Spiritual connection cannot be fully honored in solitude; a shared spiritual experience is essential. And many times, a shared spiritual experience is created by going to church (though it can also be created anytime a group of people comes together in faith, including house churches, small groups, covenant circles and Bible study groups).

Just like cheering for your favorite sports team in a stadium packed with 80,000 other fans is vastly different than watching the game on television in your living room, spiritual connection is vastly different when experienced with other members of a spiritual community. In the same way that listening to a favorite band play live in concert enhances the musical experience, so too does religious community enhance the spiritual experience.

In church, standing shoulder to shoulder with other human beings in reverence and awe as we hold hands and sing and pray, as we lock eyes and shake hands, sharing in all of these spiritual practices together, enhances our spiritual connection in a way that individual spiritual practices alone could not do.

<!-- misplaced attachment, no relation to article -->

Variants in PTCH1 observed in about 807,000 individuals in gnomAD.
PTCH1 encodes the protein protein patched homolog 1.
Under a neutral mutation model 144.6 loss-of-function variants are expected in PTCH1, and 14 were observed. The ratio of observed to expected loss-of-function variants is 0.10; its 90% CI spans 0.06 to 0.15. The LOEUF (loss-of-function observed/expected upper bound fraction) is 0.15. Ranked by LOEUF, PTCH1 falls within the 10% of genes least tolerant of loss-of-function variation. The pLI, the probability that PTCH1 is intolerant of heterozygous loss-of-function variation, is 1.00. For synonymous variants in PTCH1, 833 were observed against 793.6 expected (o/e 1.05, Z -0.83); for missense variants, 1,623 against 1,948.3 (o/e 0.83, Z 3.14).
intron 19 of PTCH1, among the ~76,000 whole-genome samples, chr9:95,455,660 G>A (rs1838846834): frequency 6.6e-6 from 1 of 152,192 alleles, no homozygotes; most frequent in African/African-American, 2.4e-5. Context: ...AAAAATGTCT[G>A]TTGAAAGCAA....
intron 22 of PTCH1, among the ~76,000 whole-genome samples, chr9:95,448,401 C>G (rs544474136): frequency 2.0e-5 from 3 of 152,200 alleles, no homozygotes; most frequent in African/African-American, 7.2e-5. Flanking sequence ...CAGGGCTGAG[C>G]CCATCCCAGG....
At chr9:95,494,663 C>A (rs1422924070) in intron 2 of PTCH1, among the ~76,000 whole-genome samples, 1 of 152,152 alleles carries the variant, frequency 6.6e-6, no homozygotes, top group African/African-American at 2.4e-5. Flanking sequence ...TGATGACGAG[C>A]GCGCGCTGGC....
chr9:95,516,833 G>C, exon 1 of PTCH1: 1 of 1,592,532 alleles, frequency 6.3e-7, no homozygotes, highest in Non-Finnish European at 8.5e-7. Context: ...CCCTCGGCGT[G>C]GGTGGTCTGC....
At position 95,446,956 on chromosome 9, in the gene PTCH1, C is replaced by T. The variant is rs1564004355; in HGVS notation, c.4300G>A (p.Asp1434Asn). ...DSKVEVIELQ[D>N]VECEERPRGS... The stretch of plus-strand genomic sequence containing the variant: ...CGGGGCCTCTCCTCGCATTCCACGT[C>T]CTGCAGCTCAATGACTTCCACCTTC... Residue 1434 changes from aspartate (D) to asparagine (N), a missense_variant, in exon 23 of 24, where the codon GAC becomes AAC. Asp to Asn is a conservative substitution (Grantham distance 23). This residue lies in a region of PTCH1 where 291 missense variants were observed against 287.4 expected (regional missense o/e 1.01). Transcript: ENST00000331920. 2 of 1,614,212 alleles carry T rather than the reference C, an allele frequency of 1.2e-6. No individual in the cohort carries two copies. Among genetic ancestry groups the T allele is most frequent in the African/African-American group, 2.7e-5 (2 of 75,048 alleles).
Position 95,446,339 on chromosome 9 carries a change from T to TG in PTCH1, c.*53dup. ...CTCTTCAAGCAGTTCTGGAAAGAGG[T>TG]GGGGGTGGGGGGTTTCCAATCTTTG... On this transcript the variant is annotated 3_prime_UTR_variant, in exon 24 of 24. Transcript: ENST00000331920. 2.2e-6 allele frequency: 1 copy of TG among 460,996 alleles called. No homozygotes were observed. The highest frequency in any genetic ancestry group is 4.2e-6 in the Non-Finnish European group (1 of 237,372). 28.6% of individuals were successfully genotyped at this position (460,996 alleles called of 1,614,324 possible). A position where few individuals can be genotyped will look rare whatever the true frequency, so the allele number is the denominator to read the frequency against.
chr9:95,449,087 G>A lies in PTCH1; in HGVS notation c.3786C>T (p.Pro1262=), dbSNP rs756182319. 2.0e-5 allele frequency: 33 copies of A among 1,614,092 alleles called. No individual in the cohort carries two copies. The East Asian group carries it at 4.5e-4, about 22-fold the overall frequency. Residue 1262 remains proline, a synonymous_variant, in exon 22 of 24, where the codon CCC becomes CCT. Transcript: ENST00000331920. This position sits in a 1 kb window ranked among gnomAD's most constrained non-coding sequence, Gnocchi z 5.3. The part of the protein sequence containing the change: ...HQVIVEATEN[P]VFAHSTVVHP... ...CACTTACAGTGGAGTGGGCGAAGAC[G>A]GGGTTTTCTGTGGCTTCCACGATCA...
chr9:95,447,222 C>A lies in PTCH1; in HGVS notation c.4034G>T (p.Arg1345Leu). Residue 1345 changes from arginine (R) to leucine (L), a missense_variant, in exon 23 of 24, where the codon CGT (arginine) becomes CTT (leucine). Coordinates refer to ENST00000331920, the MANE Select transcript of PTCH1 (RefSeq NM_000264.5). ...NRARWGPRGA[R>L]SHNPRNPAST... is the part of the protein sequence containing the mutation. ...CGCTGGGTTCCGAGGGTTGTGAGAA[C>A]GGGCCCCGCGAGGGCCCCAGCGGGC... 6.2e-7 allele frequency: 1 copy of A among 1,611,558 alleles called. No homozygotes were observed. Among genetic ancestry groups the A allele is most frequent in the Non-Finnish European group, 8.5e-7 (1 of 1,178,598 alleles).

Church provides a safe and mature environment for spiritual and religious education

As children, we were continually learning. Like little sponges, we absorbed information from any and all sources—parents, teachers, friends, peers, strangers, books and television, just to name a few. Yet, as adults, we allow our “life” education—including our faith development and spiritual awareness—to fade.

We socialize with those who share the same opinions as us and are often unwilling to consider the viewpoints of others. We turn a blind eye or make assumptions about faiths and cultures different than our own. And we neglect to discover—and nurture—our own personal and authentic faith. We avoid religious conversations with friends and family because of the discomfort that it might cause, we swallow religious doctrine that is fed to us or we shun religion altogether.

Certainly, there are churches that force feed their congregants fear-based dogma, which is one of the many reasons that Americans are leaving the Church. But there are many churches that stimulate and encourage faith development and religious education that extend beyond one’s own faith to include the faiths of others.